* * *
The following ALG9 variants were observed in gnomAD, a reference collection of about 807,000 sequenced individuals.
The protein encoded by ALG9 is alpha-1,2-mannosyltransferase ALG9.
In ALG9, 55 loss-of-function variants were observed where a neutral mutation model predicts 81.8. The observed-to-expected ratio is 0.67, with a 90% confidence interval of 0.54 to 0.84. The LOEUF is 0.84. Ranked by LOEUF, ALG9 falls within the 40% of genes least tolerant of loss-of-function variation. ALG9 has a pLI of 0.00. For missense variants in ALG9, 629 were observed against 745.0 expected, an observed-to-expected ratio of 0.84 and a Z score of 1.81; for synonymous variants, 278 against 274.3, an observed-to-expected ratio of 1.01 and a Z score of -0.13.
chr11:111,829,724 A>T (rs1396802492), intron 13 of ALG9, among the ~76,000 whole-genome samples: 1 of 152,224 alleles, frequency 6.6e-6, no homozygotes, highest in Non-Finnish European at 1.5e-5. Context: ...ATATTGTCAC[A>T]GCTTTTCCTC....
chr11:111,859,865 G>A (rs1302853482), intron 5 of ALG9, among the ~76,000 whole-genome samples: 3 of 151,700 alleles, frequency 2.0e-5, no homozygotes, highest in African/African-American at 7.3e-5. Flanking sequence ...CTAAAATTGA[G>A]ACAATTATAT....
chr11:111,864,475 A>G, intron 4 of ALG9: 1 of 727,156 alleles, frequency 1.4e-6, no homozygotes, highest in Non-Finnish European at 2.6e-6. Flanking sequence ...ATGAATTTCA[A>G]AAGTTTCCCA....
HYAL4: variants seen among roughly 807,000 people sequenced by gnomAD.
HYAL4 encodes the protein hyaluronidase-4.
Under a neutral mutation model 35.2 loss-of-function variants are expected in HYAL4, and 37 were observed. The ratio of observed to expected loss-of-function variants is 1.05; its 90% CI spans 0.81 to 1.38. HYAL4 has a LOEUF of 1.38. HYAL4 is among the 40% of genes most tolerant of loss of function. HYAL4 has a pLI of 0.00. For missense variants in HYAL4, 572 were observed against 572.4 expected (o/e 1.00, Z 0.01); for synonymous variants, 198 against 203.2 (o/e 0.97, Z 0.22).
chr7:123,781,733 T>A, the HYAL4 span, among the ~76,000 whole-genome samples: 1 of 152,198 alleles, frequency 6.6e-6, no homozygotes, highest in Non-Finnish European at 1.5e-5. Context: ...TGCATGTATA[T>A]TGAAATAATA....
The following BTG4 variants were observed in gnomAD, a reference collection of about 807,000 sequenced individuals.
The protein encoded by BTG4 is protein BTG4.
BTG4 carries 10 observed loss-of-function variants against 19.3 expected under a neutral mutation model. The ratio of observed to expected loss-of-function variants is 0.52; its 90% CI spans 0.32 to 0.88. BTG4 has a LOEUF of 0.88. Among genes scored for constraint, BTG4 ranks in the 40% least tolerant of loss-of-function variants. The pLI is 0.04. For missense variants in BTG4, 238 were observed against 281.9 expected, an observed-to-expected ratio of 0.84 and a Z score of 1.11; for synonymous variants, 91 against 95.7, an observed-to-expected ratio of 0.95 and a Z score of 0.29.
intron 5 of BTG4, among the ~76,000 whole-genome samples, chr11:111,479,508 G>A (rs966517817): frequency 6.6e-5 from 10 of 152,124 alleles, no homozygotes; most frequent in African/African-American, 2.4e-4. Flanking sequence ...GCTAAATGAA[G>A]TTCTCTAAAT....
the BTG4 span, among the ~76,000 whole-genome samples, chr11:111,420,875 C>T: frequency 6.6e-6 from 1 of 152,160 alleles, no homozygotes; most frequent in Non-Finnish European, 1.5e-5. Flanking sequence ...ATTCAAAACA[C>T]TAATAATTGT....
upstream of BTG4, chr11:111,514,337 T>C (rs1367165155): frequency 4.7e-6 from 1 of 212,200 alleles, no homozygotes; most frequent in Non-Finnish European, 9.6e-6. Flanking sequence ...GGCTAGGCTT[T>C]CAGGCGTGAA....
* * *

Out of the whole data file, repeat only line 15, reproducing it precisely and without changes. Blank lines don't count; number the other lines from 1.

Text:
the BTG4 span, among the ~76,000 whole-genome samples, chr11:111,420,875 C>T: frequency 6.6e-6 from 1 of 152,160 alleles, no homozygotes; most frequent in Non-Finnish European, 1.5e-5. Flanking sequence ...ATTCAAAACA[C>T]TAATAATTGT....